Sunday, February 19, 2017

Trader Education: The Process of Becoming a Great Trader

Thanks to a savvy trader for passing along this enlightening news account of how coach Gregg Popovich is helping mentor his young talent through the use of game film.  Interestingly, the assignment is not to watch games but to watch specific performers who have the skills that the young players need to develop.  By watching the greats in action, the rising stars absorb their example, integrating what they do into who they are as players.

This observational learning occurs in many performance arenas.  Chess students study the games of the grandmasters and learn from each move made.  In medical school, students undergo a clinical education that teaches them how to care for patients.  The motto is "see one, do one, teach one."  First you observe experienced physicians in practice, then you do what they do with close supervision, and then you teach more junior professionals, thereby cementing your own learning.

No one pretends that you could become a chess grandmaster or a successful physician by simply sitting in a classroom or by randomly trying things out and hoping to hit upon success.  Professional development is a function of internalizing the performance of experienced masters.  We become what we repeatedly observe and study.

The power of observational learning helps explain why so many of the most successful traders have developed under mentors, often as part of teams.  The Tiger cubs trained by Julian Robertson are an excellent example of observational learning in practice.  When world class talents mentor promising students, the result is further world class talent.

As Bella at SMB observes, successful teams not only teach skills but also actively nurture talent with support and caring.  This is essential during rigorous and challenging training conditions.  It is a major reason why elite military groups, such as the SEALs, conduct their training and operation in teams.  Teams take responsibility for their members.  Many obstacles are overcome, not just through individual effort and determination, but through team spirit and dedication.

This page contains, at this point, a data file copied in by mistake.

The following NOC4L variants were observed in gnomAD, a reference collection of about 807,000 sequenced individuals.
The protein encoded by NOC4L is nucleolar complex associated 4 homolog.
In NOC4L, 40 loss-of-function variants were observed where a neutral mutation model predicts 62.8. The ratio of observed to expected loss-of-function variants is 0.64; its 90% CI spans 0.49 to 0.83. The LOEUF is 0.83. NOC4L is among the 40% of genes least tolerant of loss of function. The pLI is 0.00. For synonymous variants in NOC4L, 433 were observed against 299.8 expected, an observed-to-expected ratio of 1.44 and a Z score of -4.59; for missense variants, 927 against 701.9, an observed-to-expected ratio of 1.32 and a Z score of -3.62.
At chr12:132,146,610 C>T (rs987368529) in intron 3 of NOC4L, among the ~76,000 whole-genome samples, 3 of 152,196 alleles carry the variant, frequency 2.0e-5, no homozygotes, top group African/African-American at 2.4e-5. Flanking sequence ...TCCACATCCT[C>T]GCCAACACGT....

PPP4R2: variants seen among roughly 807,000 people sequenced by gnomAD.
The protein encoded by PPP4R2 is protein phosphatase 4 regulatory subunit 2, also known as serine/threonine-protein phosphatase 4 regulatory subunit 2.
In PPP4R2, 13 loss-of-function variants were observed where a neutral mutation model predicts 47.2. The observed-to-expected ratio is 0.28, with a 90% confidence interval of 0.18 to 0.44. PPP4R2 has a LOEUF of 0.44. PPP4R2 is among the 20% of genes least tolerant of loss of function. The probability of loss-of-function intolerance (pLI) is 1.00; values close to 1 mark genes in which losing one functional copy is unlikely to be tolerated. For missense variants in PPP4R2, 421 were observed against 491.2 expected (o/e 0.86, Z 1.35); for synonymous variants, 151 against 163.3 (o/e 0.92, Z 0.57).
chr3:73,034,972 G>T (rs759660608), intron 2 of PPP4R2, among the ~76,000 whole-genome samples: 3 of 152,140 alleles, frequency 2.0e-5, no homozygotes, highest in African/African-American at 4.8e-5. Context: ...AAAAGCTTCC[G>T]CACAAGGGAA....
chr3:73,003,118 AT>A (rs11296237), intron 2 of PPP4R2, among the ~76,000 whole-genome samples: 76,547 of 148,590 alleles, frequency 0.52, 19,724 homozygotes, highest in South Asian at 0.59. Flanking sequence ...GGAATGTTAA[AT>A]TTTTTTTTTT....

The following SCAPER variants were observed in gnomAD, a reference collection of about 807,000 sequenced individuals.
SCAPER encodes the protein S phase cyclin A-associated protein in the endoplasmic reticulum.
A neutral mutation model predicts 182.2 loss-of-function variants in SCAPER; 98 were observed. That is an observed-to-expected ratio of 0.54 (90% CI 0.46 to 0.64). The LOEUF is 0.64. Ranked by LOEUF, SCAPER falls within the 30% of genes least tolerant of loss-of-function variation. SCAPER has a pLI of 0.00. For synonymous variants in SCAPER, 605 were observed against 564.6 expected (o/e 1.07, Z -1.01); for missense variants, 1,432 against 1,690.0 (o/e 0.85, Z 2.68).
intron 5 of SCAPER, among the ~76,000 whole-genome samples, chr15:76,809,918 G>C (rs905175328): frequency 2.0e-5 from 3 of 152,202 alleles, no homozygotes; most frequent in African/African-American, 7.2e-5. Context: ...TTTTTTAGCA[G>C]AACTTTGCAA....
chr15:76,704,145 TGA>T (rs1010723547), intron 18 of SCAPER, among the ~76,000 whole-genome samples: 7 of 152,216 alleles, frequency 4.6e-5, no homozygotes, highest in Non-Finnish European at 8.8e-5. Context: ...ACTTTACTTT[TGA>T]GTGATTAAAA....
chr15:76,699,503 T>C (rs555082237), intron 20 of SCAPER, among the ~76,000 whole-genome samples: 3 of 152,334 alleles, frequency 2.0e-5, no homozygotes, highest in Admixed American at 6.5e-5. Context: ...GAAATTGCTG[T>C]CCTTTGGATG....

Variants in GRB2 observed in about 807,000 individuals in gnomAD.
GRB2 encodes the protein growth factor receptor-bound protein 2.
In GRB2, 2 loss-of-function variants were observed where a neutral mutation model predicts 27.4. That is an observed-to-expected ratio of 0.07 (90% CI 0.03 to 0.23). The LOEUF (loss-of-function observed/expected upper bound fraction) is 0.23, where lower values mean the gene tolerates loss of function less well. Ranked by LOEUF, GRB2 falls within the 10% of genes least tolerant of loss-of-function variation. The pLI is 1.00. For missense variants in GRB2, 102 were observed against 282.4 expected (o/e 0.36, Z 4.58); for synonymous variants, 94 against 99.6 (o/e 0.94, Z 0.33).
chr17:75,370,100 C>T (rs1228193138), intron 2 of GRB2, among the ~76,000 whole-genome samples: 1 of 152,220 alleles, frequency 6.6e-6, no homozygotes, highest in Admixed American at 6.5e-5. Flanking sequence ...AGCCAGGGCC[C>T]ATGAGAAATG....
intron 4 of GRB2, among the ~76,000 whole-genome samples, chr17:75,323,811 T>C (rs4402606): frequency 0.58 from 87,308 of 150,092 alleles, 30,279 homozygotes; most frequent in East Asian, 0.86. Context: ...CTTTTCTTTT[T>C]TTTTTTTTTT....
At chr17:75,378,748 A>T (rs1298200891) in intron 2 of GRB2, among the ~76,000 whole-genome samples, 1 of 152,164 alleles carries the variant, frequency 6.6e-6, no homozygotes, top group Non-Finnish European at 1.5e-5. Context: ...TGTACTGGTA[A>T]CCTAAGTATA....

Do you want to know some of the best ways of distinguishing real trader education from the fake kind?  Look for teams, look for videotape, and look for the Gregg Popovich approach to mentoring, where you spend considerable time seeing one before doing one.  And do you want to see what makes for a future trading star?  It's the willingness of a Dejounte Murray to sit on the bench, wait his turn, and use that time to observe, observe, observe the greats and integrate that learning into his game.  

Trader education has just scratched the surface of the potential of observational learning.  

A thought experiment:  What if you recorded your trading and regularly reviewed your best trades?  What if you were in a classroom of developing traders and everyone regularly reviewed each other's best trades?

Perhaps so few traders succeed because most are so busy trading that they never sit on the sidelines and absorb the lessons from successful traders.

Further Reading:  Four Pillars of Trading Process